Mayor Mike McGinn has invested significant political capital in Seattle's South End, especially in social service providers. Some of these organizations have received hundreds of thousands of dollars during McGinn’s tenure. The South End was the place where he gave his mayoral victory speech to an exuberant crowd of supporters, and it was the place where he announced his reelection campaign. It was also the place where he unveiled his first city budget numbers before revealing them to the city council – a bold and unusual move. McGinn was also one of the architects of the city’s immigrant and refugee office (IRO).

Bruce Harrell has now joined the mayoral race, which raises the question – what happens to McGinn’s political capital in the South End and Central District? My answer is that it is in grave jeopardy. Harrell is from the South End, and has deep roots in that community. His father is African American, and his mother is Japanese American. He is the only minority member of the city council, and the only minority candidate in the race so far. Many minority voters will consider these criteria when they are filling out their ballots. 

Harrell, despite his status-quo, and sometimes questionable, voting record on the council (in many cases, he has voted for business interests), enjoys a fair amount of support within the city’s minority communities. Additionally, many minority community leaders and activists do not want to give the appearance of turning their back on a minority candidate trying to move up the ladder.

This is especially true when the number of minority elected officials in all levels of Washington government is dwindling at an alarming rate. Therefore, I expect that Harrell will receive a lot of interest and support from South and Central District voters, leaving McGinn with a much smaller minority base.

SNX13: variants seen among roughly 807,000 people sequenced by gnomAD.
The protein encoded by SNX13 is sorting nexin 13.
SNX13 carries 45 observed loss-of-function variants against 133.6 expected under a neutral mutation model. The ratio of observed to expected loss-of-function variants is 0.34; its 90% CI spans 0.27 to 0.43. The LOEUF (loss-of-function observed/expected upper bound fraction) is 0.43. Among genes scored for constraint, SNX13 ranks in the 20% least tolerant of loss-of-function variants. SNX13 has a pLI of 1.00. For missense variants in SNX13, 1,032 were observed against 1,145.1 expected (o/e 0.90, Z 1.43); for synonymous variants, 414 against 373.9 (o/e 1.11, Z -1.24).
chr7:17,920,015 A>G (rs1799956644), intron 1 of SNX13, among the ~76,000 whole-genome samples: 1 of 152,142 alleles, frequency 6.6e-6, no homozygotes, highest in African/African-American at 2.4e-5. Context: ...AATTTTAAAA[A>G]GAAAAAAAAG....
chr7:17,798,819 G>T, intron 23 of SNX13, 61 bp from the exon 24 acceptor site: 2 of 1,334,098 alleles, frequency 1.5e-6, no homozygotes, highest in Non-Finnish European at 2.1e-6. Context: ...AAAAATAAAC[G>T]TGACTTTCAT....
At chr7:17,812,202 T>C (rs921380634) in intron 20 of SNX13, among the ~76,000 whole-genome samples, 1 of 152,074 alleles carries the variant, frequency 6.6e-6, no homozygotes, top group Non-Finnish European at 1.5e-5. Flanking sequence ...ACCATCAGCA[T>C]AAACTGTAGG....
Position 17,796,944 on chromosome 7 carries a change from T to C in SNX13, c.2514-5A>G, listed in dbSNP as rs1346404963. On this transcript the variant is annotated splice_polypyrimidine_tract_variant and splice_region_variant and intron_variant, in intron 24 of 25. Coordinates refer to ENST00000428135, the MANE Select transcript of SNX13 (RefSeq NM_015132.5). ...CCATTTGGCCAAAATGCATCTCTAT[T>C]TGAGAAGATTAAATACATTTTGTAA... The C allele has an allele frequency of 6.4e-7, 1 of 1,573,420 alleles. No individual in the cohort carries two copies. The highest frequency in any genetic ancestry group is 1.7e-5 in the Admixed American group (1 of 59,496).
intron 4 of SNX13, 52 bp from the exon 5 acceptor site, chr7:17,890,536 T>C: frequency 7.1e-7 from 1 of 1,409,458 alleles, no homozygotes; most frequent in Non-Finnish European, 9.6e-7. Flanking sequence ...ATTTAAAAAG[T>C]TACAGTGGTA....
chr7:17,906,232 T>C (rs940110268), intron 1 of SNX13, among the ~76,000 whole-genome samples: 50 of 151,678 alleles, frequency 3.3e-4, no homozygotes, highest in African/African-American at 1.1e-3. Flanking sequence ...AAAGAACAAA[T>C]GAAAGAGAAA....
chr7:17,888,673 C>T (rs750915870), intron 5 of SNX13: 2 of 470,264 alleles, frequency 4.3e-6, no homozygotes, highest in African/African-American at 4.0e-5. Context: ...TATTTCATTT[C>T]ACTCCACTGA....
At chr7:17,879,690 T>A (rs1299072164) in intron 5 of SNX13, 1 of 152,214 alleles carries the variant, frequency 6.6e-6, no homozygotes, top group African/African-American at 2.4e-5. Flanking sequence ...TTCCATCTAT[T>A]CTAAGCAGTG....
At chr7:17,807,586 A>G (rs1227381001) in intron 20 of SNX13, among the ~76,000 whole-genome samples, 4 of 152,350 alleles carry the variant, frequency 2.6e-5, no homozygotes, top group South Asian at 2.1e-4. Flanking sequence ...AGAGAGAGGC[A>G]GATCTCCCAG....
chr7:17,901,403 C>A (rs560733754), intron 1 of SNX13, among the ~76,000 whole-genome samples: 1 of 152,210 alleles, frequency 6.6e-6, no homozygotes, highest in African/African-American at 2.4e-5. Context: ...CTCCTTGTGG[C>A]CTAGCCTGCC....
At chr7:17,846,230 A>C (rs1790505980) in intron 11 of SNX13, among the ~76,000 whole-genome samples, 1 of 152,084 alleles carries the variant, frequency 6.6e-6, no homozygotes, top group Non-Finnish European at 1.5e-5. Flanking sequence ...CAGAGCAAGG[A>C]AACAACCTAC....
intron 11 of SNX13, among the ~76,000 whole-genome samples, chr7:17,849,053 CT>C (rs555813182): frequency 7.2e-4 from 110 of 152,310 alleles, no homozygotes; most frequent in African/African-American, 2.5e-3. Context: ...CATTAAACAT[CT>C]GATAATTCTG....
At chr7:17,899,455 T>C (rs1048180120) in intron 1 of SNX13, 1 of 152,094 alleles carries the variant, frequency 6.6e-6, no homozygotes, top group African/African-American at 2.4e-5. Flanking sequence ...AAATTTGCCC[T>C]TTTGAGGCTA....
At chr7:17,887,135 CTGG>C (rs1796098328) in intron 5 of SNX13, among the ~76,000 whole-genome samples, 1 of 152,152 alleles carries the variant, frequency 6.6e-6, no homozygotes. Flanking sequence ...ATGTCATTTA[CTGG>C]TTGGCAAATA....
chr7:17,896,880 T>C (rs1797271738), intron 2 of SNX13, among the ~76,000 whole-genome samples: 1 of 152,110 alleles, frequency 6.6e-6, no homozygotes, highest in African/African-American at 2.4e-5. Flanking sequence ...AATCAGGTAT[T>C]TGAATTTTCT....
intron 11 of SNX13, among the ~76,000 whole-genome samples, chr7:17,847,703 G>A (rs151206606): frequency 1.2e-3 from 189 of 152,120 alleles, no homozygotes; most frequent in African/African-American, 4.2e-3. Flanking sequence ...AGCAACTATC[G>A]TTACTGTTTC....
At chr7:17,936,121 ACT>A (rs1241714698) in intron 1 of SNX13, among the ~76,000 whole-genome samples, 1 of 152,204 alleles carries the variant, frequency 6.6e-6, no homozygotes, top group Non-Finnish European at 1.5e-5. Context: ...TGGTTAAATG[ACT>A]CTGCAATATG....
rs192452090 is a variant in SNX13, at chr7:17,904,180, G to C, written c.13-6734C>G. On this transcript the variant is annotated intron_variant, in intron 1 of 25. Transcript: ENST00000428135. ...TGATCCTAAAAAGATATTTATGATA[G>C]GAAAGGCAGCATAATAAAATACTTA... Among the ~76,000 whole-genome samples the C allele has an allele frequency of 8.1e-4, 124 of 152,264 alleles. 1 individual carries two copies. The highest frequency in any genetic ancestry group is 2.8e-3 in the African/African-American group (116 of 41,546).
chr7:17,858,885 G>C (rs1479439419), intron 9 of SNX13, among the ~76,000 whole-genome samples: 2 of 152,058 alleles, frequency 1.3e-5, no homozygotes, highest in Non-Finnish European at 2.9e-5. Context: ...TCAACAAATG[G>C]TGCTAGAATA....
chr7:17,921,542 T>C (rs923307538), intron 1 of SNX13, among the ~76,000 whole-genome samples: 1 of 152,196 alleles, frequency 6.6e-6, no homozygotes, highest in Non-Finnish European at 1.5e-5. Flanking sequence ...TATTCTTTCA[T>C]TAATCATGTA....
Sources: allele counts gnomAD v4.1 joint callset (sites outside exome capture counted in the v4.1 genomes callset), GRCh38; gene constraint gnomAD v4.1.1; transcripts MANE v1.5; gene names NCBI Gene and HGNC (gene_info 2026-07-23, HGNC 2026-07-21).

McGinn’s initial strategy was to seek the support of social justice progressives, communities of color, environmentalists, and urban transportation advocates. However, this coalition of voters has become more and more fragmented, due in part to what some see as the mayor’s mishandling of city affairs. Specifically, his pro-developer policies, unpopular transportation priorities, lack of interest in police reform, and his ambiguous and often conflicting social justice values have alienated the same voters that he was trying to woo.    

Progressives and neighborhood activists are already lining up behind Peter Steinbrueck. Communities of color will most likely align themselves with Harrell. The hard-core environmentalists are not sure about McGinn, and will probably think twice before they jump back on his bandwagon. These days, McGinn’s real base is the urban elites. These voters may have sacks of money, but they have neither enough votes nor a convincing message. For this reason, some people, including myself, think that McGinn’s re-election chances are slim to nonexistent.

Here's PubliCola's in-depth Q&A with Harrell—Eds.

Yusuf Cabdi, a social-justice advocate and onetime McGinn supporter, has endorsed Steinbrueck in this year's election.

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